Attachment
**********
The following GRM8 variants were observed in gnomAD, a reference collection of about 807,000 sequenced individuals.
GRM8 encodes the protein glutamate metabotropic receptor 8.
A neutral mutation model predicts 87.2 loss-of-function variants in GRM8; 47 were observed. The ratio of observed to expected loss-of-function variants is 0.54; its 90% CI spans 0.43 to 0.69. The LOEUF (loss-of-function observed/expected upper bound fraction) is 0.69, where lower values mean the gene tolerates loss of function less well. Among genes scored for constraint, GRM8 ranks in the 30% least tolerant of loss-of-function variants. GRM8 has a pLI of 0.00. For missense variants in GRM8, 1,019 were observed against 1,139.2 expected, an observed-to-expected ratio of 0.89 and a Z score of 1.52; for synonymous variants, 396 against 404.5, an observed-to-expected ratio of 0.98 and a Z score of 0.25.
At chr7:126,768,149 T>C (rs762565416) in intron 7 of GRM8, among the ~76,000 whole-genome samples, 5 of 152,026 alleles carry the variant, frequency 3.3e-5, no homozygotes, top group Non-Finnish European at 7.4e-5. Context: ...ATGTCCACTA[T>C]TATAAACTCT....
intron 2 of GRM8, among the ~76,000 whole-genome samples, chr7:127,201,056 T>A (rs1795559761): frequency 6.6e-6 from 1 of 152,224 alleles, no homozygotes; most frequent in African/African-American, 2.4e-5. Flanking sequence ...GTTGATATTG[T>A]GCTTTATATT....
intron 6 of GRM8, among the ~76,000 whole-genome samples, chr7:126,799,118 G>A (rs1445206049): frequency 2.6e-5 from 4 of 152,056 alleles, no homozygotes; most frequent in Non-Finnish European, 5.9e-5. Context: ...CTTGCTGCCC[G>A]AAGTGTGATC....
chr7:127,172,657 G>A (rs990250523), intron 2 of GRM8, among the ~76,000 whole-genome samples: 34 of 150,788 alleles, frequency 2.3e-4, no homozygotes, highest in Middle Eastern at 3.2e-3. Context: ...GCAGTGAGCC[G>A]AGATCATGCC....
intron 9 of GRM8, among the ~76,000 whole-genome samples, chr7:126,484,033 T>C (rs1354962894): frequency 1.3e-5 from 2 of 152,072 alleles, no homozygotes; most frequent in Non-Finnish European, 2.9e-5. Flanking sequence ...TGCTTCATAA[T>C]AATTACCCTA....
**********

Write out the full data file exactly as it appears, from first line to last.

The following GRM8 variants were observed in gnomAD, a reference collection of about 807,000 sequenced individuals.
GRM8 encodes the protein glutamate metabotropic receptor 8.
A neutral mutation model predicts 87.2 loss-of-function variants in GRM8; 47 were observed. The ratio of observed to expected loss-of-function variants is 0.54; its 90% CI spans 0.43 to 0.69. The LOEUF (loss-of-function observed/expected upper bound fraction) is 0.69, where lower values mean the gene tolerates loss of function less well. Among genes scored for constraint, GRM8 ranks in the 30% least tolerant of loss-of-function variants. GRM8 has a pLI of 0.00. For missense variants in GRM8, 1,019 were observed against 1,139.2 expected, an observed-to-expected ratio of 0.89 and a Z score of 1.52; for synonymous variants, 396 against 404.5, an observed-to-expected ratio of 0.98 and a Z score of 0.25.
At chr7:126,768,149 T>C (rs762565416) in intron 7 of GRM8, among the ~76,000 whole-genome samples, 5 of 152,026 alleles carry the variant, frequency 3.3e-5, no homozygotes, top group Non-Finnish European at 7.4e-5. Context: ...ATGTCCACTA[T>C]TATAAACTCT....
intron 2 of GRM8, among the ~76,000 whole-genome samples, chr7:127,201,056 T>A (rs1795559761): frequency 6.6e-6 from 1 of 152,224 alleles, no homozygotes; most frequent in African/African-American, 2.4e-5. Flanking sequence ...GTTGATATTG[T>A]GCTTTATATT....
intron 6 of GRM8, among the ~76,000 whole-genome samples, chr7:126,799,118 G>A (rs1445206049): frequency 2.6e-5 from 4 of 152,056 alleles, no homozygotes; most frequent in Non-Finnish European, 5.9e-5. Context: ...CTTGCTGCCC[G>A]AAGTGTGATC....
chr7:127,172,657 G>A (rs990250523), intron 2 of GRM8, among the ~76,000 whole-genome samples: 34 of 150,788 alleles, frequency 2.3e-4, no homozygotes, highest in Middle Eastern at 3.2e-3. Context: ...GCAGTGAGCC[G>A]AGATCATGCC....
intron 9 of GRM8, among the ~76,000 whole-genome samples, chr7:126,484,033 T>C (rs1354962894): frequency 1.3e-5 from 2 of 152,072 alleles, no homozygotes; most frequent in Non-Finnish European, 2.9e-5. Flanking sequence ...TGCTTCATAA[T>C]AATTACCCTA....